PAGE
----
Whenever I have a question about gardening I know where I can turn. My neighbor, Bob Bourke, has been a Master Gardener for about seven years. Since his 60 hours of training he has answered a lot of questions for lot of people, but he has also judged vegetables at the Youth Building at the Franklin County Fair, and built a Question Wheel for the Master Gardeners Fair booth. He’s worked for the Spring Symposium and visited many gardens as part of his ongoing training.
Master Gardeners answer questions in a whole variety of ways. They attend Farmers Markets to talk to people and do soil tests, and there are telephone and email (firstname.lastname@example.org) hotlines. I asked Bourke if people stopped him on the street to ask questions? He said, “Yes, and we always know where to get answers when we are stumped.”
The Master Gardeners still have a strong connection to UMass and they have experts in every area who can assist.
Ellen Weeks works for the Cooperative Extension Service and began her career as a Master Gardener when the program was still a part of the Extension Service. Budget cuts in 1989 changed that.
“I really enjoyed the training. I had a degree in horticulture, but I was 12 years out of school and the course was a great refresher, plus I picked up a lot of new stuff. Our class became a cohesive group and I’ve made lasting friendships through Master Gardeners.”
Week’s day job is still with Extension, but she is sitting at a desk most of the time. “The Master Gardeners program is a good way to feed that part of my life,” she said.
Once, while she was staffing the telephone hotline a woman called to say she had a spider and she was very concerned and wanted to know how to get rid of it. “I explained to her how to scoop it up and bring it outside. The caller then said she couldn’t do that because the spider was outside on her window. That just shows how we have to ask a lot of questions to give a useful answer.
“We do pH testing at clinics and Farmers Markets, but it is also a way to engage people who have all kinds of questions, and sometimes it takes a while to get down to the real question or situation that people are worried about,” Weeks said.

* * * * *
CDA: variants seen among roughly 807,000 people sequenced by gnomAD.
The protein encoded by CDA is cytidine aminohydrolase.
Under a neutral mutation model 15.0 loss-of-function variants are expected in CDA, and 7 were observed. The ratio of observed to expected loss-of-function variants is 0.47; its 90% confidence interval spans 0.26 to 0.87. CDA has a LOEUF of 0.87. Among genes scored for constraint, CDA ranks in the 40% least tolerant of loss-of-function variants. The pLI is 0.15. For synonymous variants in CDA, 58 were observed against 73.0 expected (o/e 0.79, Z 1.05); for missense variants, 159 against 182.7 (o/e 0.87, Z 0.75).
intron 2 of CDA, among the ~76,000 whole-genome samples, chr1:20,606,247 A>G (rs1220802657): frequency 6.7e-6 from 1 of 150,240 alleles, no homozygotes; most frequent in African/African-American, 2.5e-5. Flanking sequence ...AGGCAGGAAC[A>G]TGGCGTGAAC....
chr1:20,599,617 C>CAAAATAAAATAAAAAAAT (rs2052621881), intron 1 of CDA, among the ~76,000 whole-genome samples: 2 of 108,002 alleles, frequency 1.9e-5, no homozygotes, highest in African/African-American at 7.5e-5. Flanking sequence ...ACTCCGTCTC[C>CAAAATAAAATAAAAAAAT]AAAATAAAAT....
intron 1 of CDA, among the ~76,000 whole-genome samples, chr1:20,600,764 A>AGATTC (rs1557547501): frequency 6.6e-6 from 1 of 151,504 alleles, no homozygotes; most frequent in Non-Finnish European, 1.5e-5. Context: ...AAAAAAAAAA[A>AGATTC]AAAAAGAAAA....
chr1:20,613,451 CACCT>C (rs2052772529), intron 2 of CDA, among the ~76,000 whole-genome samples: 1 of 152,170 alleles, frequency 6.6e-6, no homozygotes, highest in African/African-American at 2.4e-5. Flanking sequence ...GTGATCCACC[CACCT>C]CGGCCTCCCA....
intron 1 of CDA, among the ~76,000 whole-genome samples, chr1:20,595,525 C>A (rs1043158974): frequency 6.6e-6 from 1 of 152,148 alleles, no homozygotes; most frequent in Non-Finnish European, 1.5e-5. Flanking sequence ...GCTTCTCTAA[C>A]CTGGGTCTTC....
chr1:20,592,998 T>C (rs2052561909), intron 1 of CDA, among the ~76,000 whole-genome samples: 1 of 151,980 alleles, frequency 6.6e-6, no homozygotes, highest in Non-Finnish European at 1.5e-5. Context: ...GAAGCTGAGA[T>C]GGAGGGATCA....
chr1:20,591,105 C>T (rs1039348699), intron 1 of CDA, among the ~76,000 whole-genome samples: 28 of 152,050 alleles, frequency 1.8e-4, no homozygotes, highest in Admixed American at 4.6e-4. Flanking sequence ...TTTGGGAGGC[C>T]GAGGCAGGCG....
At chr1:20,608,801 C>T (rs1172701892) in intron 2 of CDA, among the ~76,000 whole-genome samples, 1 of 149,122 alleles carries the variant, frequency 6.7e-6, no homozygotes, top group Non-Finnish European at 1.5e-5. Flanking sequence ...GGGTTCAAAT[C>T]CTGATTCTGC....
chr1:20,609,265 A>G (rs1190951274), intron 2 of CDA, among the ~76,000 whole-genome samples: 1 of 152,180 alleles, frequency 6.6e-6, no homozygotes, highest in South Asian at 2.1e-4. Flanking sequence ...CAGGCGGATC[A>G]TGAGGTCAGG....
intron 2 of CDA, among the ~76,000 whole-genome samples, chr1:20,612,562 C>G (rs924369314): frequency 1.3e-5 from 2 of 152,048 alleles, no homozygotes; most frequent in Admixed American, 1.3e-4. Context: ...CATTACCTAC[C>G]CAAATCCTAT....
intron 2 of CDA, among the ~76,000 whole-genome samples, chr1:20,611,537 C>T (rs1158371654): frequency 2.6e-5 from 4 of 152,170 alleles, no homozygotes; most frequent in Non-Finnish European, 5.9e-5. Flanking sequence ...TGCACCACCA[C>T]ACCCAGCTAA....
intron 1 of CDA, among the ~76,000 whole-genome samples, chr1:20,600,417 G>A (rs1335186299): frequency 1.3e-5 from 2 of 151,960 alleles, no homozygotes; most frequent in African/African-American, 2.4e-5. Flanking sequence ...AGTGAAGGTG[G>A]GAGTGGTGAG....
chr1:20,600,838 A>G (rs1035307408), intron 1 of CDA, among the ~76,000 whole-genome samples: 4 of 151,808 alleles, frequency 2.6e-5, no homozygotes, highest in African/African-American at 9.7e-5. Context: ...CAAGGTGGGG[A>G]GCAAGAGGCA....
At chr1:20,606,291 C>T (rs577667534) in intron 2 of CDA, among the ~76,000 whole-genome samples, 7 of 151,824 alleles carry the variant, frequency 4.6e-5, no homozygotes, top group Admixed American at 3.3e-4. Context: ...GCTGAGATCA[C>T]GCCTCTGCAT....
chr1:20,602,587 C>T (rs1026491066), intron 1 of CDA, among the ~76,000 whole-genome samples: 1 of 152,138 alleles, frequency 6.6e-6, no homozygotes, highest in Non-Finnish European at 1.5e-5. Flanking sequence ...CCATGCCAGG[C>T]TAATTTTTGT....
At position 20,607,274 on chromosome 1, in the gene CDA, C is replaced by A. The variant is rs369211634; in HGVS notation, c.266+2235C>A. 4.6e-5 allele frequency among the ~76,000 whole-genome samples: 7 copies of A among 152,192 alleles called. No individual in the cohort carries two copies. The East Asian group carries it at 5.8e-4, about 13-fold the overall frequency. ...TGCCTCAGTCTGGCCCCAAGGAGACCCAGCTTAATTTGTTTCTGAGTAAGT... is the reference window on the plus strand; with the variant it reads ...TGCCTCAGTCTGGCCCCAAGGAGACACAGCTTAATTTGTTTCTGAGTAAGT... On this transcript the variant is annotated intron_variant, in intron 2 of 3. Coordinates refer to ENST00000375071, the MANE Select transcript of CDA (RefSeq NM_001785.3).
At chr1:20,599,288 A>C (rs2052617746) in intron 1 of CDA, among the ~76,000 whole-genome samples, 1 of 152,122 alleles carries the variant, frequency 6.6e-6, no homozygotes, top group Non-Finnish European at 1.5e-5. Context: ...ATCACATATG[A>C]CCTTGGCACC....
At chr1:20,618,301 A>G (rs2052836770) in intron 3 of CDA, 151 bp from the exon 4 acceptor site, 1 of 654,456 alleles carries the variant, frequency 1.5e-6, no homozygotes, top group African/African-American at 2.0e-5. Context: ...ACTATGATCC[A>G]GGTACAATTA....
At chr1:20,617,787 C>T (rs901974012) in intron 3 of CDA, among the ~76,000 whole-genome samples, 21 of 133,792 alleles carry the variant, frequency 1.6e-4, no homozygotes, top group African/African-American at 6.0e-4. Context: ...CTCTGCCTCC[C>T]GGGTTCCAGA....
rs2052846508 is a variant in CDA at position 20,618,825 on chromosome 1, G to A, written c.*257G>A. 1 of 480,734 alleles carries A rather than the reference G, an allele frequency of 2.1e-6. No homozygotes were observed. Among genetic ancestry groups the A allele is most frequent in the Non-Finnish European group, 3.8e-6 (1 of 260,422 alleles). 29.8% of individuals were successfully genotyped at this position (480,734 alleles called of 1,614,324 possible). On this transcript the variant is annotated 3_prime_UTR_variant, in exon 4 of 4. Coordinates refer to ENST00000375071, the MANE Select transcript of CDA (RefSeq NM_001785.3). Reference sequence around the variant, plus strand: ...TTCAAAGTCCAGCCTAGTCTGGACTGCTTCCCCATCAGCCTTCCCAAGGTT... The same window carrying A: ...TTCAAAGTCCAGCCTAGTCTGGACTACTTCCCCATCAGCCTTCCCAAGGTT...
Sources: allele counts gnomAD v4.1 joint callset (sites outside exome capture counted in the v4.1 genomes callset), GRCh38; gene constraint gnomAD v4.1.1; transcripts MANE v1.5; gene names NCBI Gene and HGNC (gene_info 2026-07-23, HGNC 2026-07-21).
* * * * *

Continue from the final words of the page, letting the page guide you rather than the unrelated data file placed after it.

Gary Lemay, signed up for Master Gardener training two years ago when he retired from the State Police. He had been a gardener and had learned a lot as he went along, but he had never done even a pH soil test. “If things came up that was great, if not I probably wouldn’t try that plant again. I never thought about the fact it might be the soil.”
Lemay enjoyed the 60 hour course which covers a broad range of material about botany, soils, nutrients, fertilizers, entomology and turf grasses. “A lot of people want advice about their lawns,” he said. The Master Gardeners promote best practices in the garden, lawns included, with regard to uses of pesticides and herbicides.
When he began his first 60 hours of community service he went down to the Wisteriahurst Museum in Holyoke every Tuesday because they were renovating old gardens and putting in new beds. “It was cool!”
Lemay continues to maintain his own gardens. “We don’t have as many vegetables as we used to. I’m going more towards perennials, plants that attract butterflies and bees,” he said. He is looking forward to continuing with the required annual 15 hours of community service in the different categories.
I often see Tish Murphy on the Bridge of Flowers. Murphy is a gardener without a garden so she gardens at a friend’s house, and is the Assistant Gardener on the Bridge. She became a Master Gardener five years ago because she wanted to learn more and she wanted to be able to help others more with their garden questions. She does this in a big way because she is one of the chief organizers of the Spring Symposium which answers questions and provides inspiration for hundreds of gardeners every year.
The Bridge of Flowers now has docents, Master Gardeners, who have scheduled hours to answer the questions of visitors to the Bridge.
Murphy is especially interested in medicinal herbs and has interned at Goldthread Herb Farm in Conway. She is finding her way to a career, but sees that gardening in one form or another might be answer.
Many of the Master Gardeners I’ve talked to recently have said that because of the economy and concerns about food quality and the environment many people are starting vegetable gardens. New vegetable gardeners are a rich source of questions.
If you are interested in gaining new friends and new skills and bringing benefits to your community – in short, if you want to become a Master Gardener, there is still time to sign up. The application with full information and the class schedule which begins in mid-January and runs into April is on the website, www.wmassmastergardeners.org. ###
Between the Rows October 9, 2010